Atomic Vector in R Tutorial with Example

Atomic data types are the object types that you can use to create atomic vectors. To check if any data object is atomic in R, use the is.atomic() function.

Atomic Vector in R

Atomic vector is a fundamental data structure in the R programming language. An atomic vector is different from a one-dimensional array because it has a dim attribute of length while a vector has no such attribute. Atomic vector is also different from the list since the vector items have the same types, while a list can contain various arbitrary data types.

Types of Atomic Vector in R

There are five types of atomic vectors.

  1. Numeric: integer and double (real)
  2. Character
  3. Logical
  4. Complex
  5. Raw

Integer vectors

The integer data type is a type of numeric data type. To create an integer vector in R, use the integer() function.

integer(length = 7)

Output

[1] 0 0 0 0 0 0 0

as.integer()

The as.integer() is a built-in R function that attempts to coerce its argument to be of integer type.

rv <- "10"
ind <- as.integer(rv)
ind
typeof(ind)

Output

[1] 10
[1] "integer"

is.integer()

To check if the argument is an integer or not, use the is.integer() function. The is.integer() method returns TRUE or FALSE depending on if the input is an integer or not.

rv <- "10"
ind <- as.integer(rv)
ind
is.integer(ind)

Output

[1] 10
[1] TRUE

Character Vectors

Character vectors consist of characters. To create a character vector in R, use the character() method. Text in R is represented by character vectors. You can also assign a character value to a Vector sing the assignment operator (<- ), and it becomes the character vector.

To create an empty character vector, use the character() function and pass the length of that empty vector.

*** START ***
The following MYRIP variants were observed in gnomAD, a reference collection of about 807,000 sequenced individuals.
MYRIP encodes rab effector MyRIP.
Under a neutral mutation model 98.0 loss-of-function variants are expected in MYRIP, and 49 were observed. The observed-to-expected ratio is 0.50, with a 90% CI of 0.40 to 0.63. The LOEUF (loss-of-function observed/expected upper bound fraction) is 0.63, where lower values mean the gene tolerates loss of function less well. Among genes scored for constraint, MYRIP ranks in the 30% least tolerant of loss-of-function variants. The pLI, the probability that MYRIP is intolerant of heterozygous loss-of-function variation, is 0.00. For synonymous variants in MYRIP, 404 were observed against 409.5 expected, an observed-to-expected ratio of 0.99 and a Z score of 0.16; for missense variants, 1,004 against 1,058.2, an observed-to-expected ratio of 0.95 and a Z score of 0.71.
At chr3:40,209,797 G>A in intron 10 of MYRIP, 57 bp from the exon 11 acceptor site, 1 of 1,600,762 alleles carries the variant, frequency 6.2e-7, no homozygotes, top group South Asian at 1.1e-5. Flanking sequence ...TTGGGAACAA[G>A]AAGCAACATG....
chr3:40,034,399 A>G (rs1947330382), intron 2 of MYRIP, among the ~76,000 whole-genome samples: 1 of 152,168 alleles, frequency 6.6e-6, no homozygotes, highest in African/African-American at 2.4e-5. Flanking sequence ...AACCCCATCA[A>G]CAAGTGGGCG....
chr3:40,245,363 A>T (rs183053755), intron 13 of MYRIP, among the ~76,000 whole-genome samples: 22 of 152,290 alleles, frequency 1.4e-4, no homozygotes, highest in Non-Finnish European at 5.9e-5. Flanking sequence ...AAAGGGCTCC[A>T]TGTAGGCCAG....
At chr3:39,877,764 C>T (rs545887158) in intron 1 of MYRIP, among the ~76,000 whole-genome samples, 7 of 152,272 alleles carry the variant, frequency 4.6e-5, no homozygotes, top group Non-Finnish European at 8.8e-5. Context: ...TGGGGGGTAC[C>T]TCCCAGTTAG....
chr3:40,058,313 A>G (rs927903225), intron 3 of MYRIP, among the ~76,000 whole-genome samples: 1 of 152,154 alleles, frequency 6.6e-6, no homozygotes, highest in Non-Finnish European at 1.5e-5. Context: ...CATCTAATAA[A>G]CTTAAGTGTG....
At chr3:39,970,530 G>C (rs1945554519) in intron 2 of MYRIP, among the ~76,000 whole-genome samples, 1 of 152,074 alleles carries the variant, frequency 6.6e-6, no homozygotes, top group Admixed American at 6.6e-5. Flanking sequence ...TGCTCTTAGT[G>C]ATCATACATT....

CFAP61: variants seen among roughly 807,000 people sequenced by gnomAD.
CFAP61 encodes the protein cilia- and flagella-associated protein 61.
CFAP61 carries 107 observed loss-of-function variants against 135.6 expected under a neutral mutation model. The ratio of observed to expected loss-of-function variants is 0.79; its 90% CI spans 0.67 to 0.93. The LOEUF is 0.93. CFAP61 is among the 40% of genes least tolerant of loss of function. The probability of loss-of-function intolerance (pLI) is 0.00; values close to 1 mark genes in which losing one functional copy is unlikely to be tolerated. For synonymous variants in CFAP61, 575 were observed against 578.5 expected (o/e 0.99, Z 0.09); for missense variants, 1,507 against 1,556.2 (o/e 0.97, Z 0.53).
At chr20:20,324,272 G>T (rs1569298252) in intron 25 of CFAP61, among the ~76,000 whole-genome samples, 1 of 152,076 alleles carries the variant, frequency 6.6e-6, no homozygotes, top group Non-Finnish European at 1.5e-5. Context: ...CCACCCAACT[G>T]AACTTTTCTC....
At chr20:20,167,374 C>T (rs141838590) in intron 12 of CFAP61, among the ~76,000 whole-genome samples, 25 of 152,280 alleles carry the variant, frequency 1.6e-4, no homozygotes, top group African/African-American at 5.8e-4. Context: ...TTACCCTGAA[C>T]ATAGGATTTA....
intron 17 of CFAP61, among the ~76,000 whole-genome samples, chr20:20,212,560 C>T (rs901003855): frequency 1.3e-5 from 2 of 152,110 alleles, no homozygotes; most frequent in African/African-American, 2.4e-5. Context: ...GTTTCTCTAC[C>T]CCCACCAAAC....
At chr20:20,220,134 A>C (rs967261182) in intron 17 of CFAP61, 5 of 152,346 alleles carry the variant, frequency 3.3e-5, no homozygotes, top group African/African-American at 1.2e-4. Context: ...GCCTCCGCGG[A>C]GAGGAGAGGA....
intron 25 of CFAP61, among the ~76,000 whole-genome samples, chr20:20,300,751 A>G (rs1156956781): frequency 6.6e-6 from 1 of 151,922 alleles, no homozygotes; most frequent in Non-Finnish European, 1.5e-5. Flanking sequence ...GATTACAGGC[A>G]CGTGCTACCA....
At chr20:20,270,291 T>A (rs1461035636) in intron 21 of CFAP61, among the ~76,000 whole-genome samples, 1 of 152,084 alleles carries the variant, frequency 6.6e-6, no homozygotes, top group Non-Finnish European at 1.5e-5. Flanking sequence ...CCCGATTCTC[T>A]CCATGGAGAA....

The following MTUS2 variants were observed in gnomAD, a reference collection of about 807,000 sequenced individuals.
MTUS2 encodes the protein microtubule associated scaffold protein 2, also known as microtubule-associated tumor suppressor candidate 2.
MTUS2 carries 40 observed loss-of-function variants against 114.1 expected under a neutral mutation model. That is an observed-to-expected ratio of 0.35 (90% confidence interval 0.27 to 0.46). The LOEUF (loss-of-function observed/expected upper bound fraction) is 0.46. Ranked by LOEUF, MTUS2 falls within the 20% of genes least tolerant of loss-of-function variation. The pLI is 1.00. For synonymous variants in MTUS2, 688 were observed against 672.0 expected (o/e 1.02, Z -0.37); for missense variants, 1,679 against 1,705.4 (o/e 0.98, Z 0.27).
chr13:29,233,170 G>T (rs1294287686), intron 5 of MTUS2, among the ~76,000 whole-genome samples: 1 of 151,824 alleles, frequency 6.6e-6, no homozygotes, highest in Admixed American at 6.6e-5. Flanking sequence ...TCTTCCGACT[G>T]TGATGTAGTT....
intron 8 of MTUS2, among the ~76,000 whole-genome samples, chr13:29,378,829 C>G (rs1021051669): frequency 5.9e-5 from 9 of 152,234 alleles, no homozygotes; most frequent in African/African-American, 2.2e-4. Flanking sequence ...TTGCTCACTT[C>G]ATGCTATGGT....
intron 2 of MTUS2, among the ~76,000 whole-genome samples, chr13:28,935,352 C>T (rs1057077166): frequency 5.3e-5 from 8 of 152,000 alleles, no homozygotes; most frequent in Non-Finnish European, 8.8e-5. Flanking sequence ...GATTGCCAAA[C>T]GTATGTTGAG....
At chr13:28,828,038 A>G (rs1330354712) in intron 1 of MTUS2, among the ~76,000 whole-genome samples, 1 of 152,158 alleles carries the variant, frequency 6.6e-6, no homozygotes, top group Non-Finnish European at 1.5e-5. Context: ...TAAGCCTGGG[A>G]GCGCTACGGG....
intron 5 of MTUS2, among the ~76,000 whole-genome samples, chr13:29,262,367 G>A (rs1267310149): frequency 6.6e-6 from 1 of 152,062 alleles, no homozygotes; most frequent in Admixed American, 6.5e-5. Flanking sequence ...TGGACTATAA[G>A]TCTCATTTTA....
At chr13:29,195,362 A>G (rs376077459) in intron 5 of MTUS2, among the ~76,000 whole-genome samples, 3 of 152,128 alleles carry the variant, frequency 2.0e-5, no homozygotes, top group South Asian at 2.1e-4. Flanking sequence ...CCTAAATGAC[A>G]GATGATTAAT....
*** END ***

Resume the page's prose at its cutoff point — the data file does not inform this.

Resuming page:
rc <- character(5)
rc

Output

[1] "" "" "" "" ""

as.character()

The as.character() is a built-in R method that tries to coerce its argument to character type; like as.vector() method, it strips attributes including names.

rc <- 10
rnd <- as.character(rc)
rnd
typeof(rnd)

Output

[1] "10"
[1] "character"

As you can see that we defined an integer vector, and then using as.vector() function, we converted integer vector to character vector. To check the data type of a variable in R, use the typeof() function.

is.character()

To check if the argument is a character or not, use the is.character() function. The is.character() method returns TRUE or FALSE depending on if the input is a character vector or not.

rc <- 10
rnd <- as.character(rc)
rnd
is.character(rnd)

Output

[1] "10"
[1] TRUE

Logical Vectors

Logical vectors are the vectors that only contain logical values like TRUE or FALSE. To create a logical vector in R, use the logical() function.

rl <- logical(length = 4)
rl

Output

[1] FALSE FALSE FALSE FALSE

as.logical()

The as.logical() is a built-in R method that tries to coerce its argument to logical type.

rl <- 1
lnd <- as.logical(rl)
lnd
typeof(lnd)

Output

[1] TRUE
[1] "logical"

As you can see that we defined an integer vector, and then using as.logical() function, we converted integer vector to logical vector.

is.logical()

To check if the argument is a logical vector or not, use the is.logical() function. The is.logical() method returns TRUE or FALSE depending on if the input is a logical vector or not.

rl <- 1
lnd <- as.logical(rl)
lnd
is.logical(lnd)

Output

[1] TRUE
[1] TRUE

Complex vectors

The complex vectors can be created with complex() function. Pass the length you want to create, and it will create a complex vector for you.

rcom <- complex(length = 4)
rcom

Output

[1] 0+0i 0+0i 0+0i 0+0i

as.complex()

The as.complex() is a built-in function that tries to coerce its argument to be of complex type: like as.vector(), it strips attributes including names.

rcom <- 1
cnd <- as.complex(rcom)
cnd
typeof(cnd)

Output

[1] 1+0i
[1] "complex"

As you can see that we defined an integer vector, and then using the as.complex() function, we converted integer vector to complex vector.

is.complex()

To check if the argument is a complex vector or not, use the is.complex() function.

rcom <- 1
cnd <- as.complex(rcom)
cnd
is.complex(cnd)

Output

[1] 1+0i
[1] TRUE

Raw Vectors

Raw vectors are used to store fixed-length sequences of bytes. You can create a raw vector of the specified length. Each element of the vector is equal to 0. To create a raw vector in R, use the raw() function.

rawv <- raw(length = 4)
rawv

Output

[1] 00 00 00 00

as.raw()

The as.raw() is a built-in function that tries to coerce its argument to be raw.

rw <- 1
rawd <- as.raw(rw)
rawd
typeof(rawd)

Output

[1] 01
[1] "raw"

is.raw()

To check if the argument is a raw vector or not, use the is.raw() function.

rw <- 1
rawd <- as.raw(rw)
rawd
is.raw(rawd)

Output

[1] 01
[1] TRUE

As you can see that the is.raw() method returns TRUE since we have passed a raw vector to the is.raw() function.

That is it for atomic vectors in R.

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